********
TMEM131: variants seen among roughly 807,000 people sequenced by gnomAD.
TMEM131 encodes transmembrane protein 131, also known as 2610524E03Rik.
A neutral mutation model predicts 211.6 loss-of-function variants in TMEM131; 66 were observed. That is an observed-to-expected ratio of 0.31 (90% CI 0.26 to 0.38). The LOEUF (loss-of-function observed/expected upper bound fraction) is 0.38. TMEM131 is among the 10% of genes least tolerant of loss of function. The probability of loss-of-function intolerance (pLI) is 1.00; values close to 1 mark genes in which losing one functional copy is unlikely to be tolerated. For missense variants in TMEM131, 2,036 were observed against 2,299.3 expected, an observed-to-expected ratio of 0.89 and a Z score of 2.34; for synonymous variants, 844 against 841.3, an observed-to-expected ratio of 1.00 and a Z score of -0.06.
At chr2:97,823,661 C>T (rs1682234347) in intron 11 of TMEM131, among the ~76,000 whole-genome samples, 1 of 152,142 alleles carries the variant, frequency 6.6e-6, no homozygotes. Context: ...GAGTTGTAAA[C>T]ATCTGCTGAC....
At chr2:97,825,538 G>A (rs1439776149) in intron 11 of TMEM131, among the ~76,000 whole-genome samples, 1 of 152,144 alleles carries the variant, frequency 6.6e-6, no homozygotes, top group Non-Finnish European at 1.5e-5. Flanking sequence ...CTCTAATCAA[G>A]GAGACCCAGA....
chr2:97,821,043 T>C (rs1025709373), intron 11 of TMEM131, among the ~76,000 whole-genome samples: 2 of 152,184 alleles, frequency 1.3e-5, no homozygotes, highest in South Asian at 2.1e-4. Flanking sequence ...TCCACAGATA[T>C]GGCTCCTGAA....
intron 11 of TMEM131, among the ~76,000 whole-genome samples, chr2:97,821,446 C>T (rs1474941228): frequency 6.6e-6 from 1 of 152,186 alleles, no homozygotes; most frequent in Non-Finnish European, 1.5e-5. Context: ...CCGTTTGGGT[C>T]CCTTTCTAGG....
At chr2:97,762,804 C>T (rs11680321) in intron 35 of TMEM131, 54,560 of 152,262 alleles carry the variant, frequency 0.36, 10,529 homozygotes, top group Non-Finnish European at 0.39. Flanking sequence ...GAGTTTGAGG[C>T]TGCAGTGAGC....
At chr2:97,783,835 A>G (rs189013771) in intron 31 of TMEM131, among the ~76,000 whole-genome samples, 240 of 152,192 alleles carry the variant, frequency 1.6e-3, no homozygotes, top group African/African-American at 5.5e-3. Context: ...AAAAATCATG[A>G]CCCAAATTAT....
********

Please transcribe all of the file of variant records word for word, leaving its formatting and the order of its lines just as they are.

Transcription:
TMEM131: variants seen among roughly 807,000 people sequenced by gnomAD.
TMEM131 encodes transmembrane protein 131, also known as 2610524E03Rik.
A neutral mutation model predicts 211.6 loss-of-function variants in TMEM131; 66 were observed. That is an observed-to-expected ratio of 0.31 (90% CI 0.26 to 0.38). The LOEUF (loss-of-function observed/expected upper bound fraction) is 0.38. TMEM131 is among the 10% of genes least tolerant of loss of function. The probability of loss-of-function intolerance (pLI) is 1.00; values close to 1 mark genes in which losing one functional copy is unlikely to be tolerated. For missense variants in TMEM131, 2,036 were observed against 2,299.3 expected, an observed-to-expected ratio of 0.89 and a Z score of 2.34; for synonymous variants, 844 against 841.3, an observed-to-expected ratio of 1.00 and a Z score of -0.06.
At chr2:97,823,661 C>T (rs1682234347) in intron 11 of TMEM131, among the ~76,000 whole-genome samples, 1 of 152,142 alleles carries the variant, frequency 6.6e-6, no homozygotes. Context: ...GAGTTGTAAA[C>T]ATCTGCTGAC....
At chr2:97,825,538 G>A (rs1439776149) in intron 11 of TMEM131, among the ~76,000 whole-genome samples, 1 of 152,144 alleles carries the variant, frequency 6.6e-6, no homozygotes, top group Non-Finnish European at 1.5e-5. Flanking sequence ...CTCTAATCAA[G>A]GAGACCCAGA....
chr2:97,821,043 T>C (rs1025709373), intron 11 of TMEM131, among the ~76,000 whole-genome samples: 2 of 152,184 alleles, frequency 1.3e-5, no homozygotes, highest in South Asian at 2.1e-4. Flanking sequence ...TCCACAGATA[T>C]GGCTCCTGAA....
intron 11 of TMEM131, among the ~76,000 whole-genome samples, chr2:97,821,446 C>T (rs1474941228): frequency 6.6e-6 from 1 of 152,186 alleles, no homozygotes; most frequent in Non-Finnish European, 1.5e-5. Context: ...CCGTTTGGGT[C>T]CCTTTCTAGG....
At chr2:97,762,804 C>T (rs11680321) in intron 35 of TMEM131, 54,560 of 152,262 alleles carry the variant, frequency 0.36, 10,529 homozygotes, top group Non-Finnish European at 0.39. Flanking sequence ...GAGTTTGAGG[C>T]TGCAGTGAGC....
At chr2:97,783,835 A>G (rs189013771) in intron 31 of TMEM131, among the ~76,000 whole-genome samples, 240 of 152,192 alleles carry the variant, frequency 1.6e-3, no homozygotes, top group African/African-American at 5.5e-3. Context: ...AAAAATCATG[A>G]CCCAAATTAT....